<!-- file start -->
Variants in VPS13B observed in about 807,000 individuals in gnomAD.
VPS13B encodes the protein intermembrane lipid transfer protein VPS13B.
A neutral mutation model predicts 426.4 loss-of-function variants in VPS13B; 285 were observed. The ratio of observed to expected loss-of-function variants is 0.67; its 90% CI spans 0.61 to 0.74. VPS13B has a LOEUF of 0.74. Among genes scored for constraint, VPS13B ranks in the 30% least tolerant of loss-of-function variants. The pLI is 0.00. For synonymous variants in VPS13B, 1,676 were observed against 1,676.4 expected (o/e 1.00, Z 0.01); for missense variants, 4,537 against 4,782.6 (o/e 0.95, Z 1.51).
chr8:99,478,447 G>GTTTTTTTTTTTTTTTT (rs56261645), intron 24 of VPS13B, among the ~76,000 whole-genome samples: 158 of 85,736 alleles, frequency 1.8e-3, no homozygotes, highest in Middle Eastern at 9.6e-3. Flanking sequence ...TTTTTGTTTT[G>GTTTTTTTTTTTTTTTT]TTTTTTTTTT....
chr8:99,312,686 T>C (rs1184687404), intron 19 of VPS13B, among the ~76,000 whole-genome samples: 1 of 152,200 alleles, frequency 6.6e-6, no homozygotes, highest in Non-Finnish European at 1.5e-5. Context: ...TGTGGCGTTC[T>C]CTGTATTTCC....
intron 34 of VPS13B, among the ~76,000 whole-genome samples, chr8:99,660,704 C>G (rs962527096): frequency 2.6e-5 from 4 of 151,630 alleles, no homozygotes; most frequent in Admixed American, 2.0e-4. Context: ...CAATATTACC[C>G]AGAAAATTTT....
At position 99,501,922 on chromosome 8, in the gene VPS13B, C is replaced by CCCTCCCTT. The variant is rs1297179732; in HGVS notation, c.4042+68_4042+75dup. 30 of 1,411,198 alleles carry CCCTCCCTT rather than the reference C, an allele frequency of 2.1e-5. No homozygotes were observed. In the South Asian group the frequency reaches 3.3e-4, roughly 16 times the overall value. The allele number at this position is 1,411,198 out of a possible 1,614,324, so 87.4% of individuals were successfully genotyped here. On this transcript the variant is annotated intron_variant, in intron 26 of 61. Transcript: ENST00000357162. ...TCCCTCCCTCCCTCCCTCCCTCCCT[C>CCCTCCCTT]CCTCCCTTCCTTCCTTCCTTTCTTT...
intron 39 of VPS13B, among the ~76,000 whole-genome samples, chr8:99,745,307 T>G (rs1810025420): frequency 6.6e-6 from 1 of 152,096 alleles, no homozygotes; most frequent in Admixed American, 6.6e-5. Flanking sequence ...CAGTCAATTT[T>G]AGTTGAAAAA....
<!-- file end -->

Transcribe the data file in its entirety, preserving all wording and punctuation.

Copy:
Variants in VPS13B observed in about 807,000 individuals in gnomAD.
VPS13B encodes the protein intermembrane lipid transfer protein VPS13B.
A neutral mutation model predicts 426.4 loss-of-function variants in VPS13B; 285 were observed. The ratio of observed to expected loss-of-function variants is 0.67; its 90% CI spans 0.61 to 0.74. VPS13B has a LOEUF of 0.74. Among genes scored for constraint, VPS13B ranks in the 30% least tolerant of loss-of-function variants. The pLI is 0.00. For synonymous variants in VPS13B, 1,676 were observed against 1,676.4 expected (o/e 1.00, Z 0.01); for missense variants, 4,537 against 4,782.6 (o/e 0.95, Z 1.51).
chr8:99,478,447 G>GTTTTTTTTTTTTTTTT (rs56261645), intron 24 of VPS13B, among the ~76,000 whole-genome samples: 158 of 85,736 alleles, frequency 1.8e-3, no homozygotes, highest in Middle Eastern at 9.6e-3. Flanking sequence ...TTTTTGTTTT[G>GTTTTTTTTTTTTTTTT]TTTTTTTTTT....
chr8:99,312,686 T>C (rs1184687404), intron 19 of VPS13B, among the ~76,000 whole-genome samples: 1 of 152,200 alleles, frequency 6.6e-6, no homozygotes, highest in Non-Finnish European at 1.5e-5. Context: ...TGTGGCGTTC[T>C]CTGTATTTCC....
intron 34 of VPS13B, among the ~76,000 whole-genome samples, chr8:99,660,704 C>G (rs962527096): frequency 2.6e-5 from 4 of 151,630 alleles, no homozygotes; most frequent in Admixed American, 2.0e-4. Context: ...CAATATTACC[C>G]AGAAAATTTT....
At position 99,501,922 on chromosome 8, in the gene VPS13B, C is replaced by CCCTCCCTT. The variant is rs1297179732; in HGVS notation, c.4042+68_4042+75dup. 30 of 1,411,198 alleles carry CCCTCCCTT rather than the reference C, an allele frequency of 2.1e-5. No homozygotes were observed. In the South Asian group the frequency reaches 3.3e-4, roughly 16 times the overall value. The allele number at this position is 1,411,198 out of a possible 1,614,324, so 87.4% of individuals were successfully genotyped here. On this transcript the variant is annotated intron_variant, in intron 26 of 61. Transcript: ENST00000357162. ...TCCCTCCCTCCCTCCCTCCCTCCCT[C>CCCTCCCTT]CCTCCCTTCCTTCCTTCCTTTCTTT...
intron 39 of VPS13B, among the ~76,000 whole-genome samples, chr8:99,745,307 T>G (rs1810025420): frequency 6.6e-6 from 1 of 152,096 alleles, no homozygotes; most frequent in Admixed American, 6.6e-5. Flanking sequence ...CAGTCAATTT[T>G]AGTTGAAAAA....